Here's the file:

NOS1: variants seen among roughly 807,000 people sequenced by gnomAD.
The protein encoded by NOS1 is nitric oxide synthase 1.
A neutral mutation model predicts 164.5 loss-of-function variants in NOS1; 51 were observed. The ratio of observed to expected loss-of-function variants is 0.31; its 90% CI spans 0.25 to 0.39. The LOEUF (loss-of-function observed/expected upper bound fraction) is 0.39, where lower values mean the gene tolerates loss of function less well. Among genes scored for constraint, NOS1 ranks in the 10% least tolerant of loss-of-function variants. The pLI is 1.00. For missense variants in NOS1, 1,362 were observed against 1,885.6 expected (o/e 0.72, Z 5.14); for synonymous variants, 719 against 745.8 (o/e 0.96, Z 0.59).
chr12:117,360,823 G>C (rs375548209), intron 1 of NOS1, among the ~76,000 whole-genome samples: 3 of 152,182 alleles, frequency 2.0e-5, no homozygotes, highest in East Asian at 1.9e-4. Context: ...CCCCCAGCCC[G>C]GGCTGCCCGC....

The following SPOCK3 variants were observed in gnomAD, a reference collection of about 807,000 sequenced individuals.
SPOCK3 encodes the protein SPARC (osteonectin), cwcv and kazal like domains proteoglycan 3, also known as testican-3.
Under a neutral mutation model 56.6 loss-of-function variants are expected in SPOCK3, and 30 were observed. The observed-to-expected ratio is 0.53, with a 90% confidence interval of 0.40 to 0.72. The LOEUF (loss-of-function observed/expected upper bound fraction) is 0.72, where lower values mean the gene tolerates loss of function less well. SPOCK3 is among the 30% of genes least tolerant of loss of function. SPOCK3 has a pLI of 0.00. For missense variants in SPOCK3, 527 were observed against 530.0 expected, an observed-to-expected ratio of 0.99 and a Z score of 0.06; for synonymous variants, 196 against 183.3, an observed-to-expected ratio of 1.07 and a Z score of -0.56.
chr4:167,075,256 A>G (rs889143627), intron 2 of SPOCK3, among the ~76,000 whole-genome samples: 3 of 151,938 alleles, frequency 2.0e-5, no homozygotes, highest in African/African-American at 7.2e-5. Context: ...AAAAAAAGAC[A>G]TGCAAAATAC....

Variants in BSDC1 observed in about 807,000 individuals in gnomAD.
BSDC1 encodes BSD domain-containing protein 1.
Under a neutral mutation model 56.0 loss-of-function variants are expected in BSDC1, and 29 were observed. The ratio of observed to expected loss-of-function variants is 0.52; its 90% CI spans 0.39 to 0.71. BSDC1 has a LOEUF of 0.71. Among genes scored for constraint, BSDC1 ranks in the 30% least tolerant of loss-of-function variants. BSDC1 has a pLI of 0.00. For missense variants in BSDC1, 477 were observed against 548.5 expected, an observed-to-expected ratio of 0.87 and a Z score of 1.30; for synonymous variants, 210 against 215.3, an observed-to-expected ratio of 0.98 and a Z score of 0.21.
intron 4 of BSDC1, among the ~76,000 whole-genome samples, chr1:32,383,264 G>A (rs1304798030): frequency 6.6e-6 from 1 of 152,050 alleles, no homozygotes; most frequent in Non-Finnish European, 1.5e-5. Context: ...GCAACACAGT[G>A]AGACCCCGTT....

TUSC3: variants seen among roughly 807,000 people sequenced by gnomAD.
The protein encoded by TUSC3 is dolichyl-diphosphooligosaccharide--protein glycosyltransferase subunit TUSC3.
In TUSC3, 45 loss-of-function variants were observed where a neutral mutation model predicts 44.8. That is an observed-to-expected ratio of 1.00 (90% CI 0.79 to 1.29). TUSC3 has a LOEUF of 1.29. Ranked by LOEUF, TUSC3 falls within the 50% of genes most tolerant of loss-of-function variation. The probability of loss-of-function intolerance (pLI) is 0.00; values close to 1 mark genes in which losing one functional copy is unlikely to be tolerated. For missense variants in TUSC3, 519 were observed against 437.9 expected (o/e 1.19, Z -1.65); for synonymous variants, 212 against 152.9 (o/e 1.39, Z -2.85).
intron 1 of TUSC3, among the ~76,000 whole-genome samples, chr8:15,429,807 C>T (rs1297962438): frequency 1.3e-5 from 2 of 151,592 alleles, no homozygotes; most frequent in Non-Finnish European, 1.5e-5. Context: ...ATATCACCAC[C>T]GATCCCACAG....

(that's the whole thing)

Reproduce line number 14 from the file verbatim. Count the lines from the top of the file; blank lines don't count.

The protein encoded by TUSC3 is dolichyl-diphosphooligosaccharide--protein glycosyltransferase subunit TUSC3.